The Fresh Loaf

News & Information for Amateur Bakers and Artisan Bread Enthusiasts

Durum Semolina Champagne Sourdough

isand66's picture

Durum Semolina Champagne Sourdough

It's not quite New Years Eve yet, but I figured it was time to try some champagne in a sourdough bread anyway.  What goes better with champagne than some orange juice?  (I hate strawberries so that was not an option!).  I added some dried blood orange peel  to the starter and the final dough to add some nice fruity flavor.

I created a durum semolina starter and used durum flour along with some KAF French Style flour for the final dough.

The end result was a nice slightly sour bread with orange and champagne overtones.  The crust came out nice and crisp with a moist crumb.

Durum Starter

227 grams Durum Flour (KAF)

71 grams AP Seed Starter

4 grams Blood Orange Peel

151 grams Water at Room Temperature (80-90 degrees F.)

Mix ingredients in a bowl until thoroughly combined.  Cover the bowl and let it sit at room temperature for around 8 hours.  The starter should almost double when ready to proceed.  You can either mix in final dough or put in refrigerator for at most 1 day before using.

Main Dough Ingredients

425 grams Starter from above

275 grams Durum Semolina Flour

200 grams French Style Flour (KAF)

35 grams Potato Flour

25 gram stabilized Wheat Germ (KAF)

16 grams Sea Salt or Table Salt

29 grams Harvest Riesling Vinegar

25 grams Olive Oil

10 grams Blood Orange Peel

375 grams Champagne (Room temperature)


Mix the flours, stabilized wheat germ and orange peel with the champagne in your mixer or by hand for 1 minute. Let it rest covered in your bowl for 20 minutes.   Next cut the starter into small pieces and put in bowl and also add the  oil and salt.  Mix for 4 minute to incorporate all the ingredients.  The dough should form a sticky ball at the end of 4 minutes mixing.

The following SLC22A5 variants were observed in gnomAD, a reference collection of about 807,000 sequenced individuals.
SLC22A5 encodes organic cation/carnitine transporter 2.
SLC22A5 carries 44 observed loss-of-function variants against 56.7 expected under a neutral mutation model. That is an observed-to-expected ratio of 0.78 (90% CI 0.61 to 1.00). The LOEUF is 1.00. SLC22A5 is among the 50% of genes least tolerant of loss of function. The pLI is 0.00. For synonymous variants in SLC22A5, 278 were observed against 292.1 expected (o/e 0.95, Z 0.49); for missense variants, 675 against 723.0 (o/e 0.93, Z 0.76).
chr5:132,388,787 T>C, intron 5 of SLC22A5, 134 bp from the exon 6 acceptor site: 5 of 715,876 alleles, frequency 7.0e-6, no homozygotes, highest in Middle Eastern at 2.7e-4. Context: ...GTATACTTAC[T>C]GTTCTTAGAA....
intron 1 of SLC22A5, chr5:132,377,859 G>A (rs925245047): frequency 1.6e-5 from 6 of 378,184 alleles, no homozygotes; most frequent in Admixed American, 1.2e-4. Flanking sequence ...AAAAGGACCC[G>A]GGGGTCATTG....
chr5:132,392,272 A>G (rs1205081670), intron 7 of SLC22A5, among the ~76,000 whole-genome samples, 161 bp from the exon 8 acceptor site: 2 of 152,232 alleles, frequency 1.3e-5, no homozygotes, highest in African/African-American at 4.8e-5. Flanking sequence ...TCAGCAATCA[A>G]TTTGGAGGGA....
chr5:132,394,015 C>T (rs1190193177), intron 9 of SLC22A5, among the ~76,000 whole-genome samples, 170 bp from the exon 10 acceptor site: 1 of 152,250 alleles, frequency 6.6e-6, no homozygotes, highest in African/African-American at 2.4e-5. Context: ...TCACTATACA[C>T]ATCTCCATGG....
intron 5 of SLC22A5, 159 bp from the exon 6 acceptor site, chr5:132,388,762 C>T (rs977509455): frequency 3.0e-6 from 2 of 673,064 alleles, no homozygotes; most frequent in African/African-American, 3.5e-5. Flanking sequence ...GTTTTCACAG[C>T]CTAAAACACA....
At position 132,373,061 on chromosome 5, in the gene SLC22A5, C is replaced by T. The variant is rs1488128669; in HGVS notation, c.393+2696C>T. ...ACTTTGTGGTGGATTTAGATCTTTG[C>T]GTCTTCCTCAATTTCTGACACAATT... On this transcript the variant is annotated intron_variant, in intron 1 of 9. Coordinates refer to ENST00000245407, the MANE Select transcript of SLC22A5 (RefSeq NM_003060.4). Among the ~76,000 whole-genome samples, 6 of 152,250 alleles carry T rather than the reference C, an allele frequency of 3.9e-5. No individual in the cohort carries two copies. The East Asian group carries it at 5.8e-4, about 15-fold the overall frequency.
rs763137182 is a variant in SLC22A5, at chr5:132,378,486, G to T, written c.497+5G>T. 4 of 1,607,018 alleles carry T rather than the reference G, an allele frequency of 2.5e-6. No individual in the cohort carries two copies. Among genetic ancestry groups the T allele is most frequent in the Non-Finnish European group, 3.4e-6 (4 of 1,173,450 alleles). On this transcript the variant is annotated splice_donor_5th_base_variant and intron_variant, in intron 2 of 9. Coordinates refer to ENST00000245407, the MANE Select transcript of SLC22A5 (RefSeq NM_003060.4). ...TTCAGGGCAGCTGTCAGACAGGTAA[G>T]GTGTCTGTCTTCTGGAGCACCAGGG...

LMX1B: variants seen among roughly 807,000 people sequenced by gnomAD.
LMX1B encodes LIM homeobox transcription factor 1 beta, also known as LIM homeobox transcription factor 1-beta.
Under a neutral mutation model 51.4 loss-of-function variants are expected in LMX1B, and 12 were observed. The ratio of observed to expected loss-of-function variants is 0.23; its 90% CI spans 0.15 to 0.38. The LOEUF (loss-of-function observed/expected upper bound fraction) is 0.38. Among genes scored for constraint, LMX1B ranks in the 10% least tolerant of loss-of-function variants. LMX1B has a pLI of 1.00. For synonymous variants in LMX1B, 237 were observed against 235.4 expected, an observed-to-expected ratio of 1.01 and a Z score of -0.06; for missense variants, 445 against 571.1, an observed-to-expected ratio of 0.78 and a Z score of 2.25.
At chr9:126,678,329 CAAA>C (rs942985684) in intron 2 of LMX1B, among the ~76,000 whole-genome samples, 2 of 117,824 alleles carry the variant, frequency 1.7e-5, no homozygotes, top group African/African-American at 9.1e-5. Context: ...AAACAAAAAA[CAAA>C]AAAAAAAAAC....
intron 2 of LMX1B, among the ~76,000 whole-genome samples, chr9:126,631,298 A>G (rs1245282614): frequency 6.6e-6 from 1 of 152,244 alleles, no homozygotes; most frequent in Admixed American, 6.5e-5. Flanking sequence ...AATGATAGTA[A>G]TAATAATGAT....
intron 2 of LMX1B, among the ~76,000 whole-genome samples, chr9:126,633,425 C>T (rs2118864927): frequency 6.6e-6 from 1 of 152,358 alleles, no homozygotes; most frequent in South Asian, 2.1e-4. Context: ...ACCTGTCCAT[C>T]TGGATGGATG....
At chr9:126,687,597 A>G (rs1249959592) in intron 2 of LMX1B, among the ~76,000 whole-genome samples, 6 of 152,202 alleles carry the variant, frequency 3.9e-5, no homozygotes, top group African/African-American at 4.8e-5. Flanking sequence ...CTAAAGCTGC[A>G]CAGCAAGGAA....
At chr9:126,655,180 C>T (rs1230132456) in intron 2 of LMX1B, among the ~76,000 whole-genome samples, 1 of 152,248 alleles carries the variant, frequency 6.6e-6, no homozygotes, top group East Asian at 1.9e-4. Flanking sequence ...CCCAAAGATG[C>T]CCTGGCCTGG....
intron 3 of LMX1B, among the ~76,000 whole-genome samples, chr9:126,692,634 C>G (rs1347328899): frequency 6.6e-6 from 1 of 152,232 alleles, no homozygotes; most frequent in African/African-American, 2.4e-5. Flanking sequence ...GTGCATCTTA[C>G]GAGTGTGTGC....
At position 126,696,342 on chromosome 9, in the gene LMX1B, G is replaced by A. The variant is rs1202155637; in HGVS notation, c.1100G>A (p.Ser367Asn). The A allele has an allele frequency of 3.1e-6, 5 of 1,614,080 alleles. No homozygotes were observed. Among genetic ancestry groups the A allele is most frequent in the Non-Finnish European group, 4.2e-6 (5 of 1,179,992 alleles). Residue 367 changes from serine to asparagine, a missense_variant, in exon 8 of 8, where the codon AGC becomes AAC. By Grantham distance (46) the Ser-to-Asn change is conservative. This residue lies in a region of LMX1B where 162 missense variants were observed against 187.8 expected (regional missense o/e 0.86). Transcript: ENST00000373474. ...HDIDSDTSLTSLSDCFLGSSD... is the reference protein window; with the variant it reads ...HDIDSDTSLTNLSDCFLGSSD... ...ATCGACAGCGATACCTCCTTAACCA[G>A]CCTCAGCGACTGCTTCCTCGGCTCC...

Next take the dough out of the bowl and place it on your work surface.  Do a stretch and fold and rest the dough uncovered for 10 minutes.  After the rest do another stretch and fold and cover the dough and let it rest for 10 minutes.  Do one more stretch and fold and put the dough into a lightly oiled bowl and let it sit at room temperature covered for 2 hours.  After 2 hours you can put the dough into the refrigerator for 24 hours or up to 2 days before baking.  Feel free to do some additional S & F's if you feel it is necessary.  I baked the bread about 14 hours later.

The next day (or when ready to bake) let the dough sit out at room temperature for 1.5 - 2  hours.

Next, form the dough into your desired shape and put them in floured bannetons, bowls or on a baking sheet and let them rise covered for 2 hours or until they pass the poke test.

Score the loaves as desired and prepare your oven for baking with steam.

Set your oven for 500 degrees F. at least 30 minutes before ready to bake.  When ready to bake place the loaves into your on  your oven stone with steam and lower the temperature immediately to 450 degrees.    When both loaves are golden brown and reached an internal temperature of 200 degrees F. you can remove them from the oven.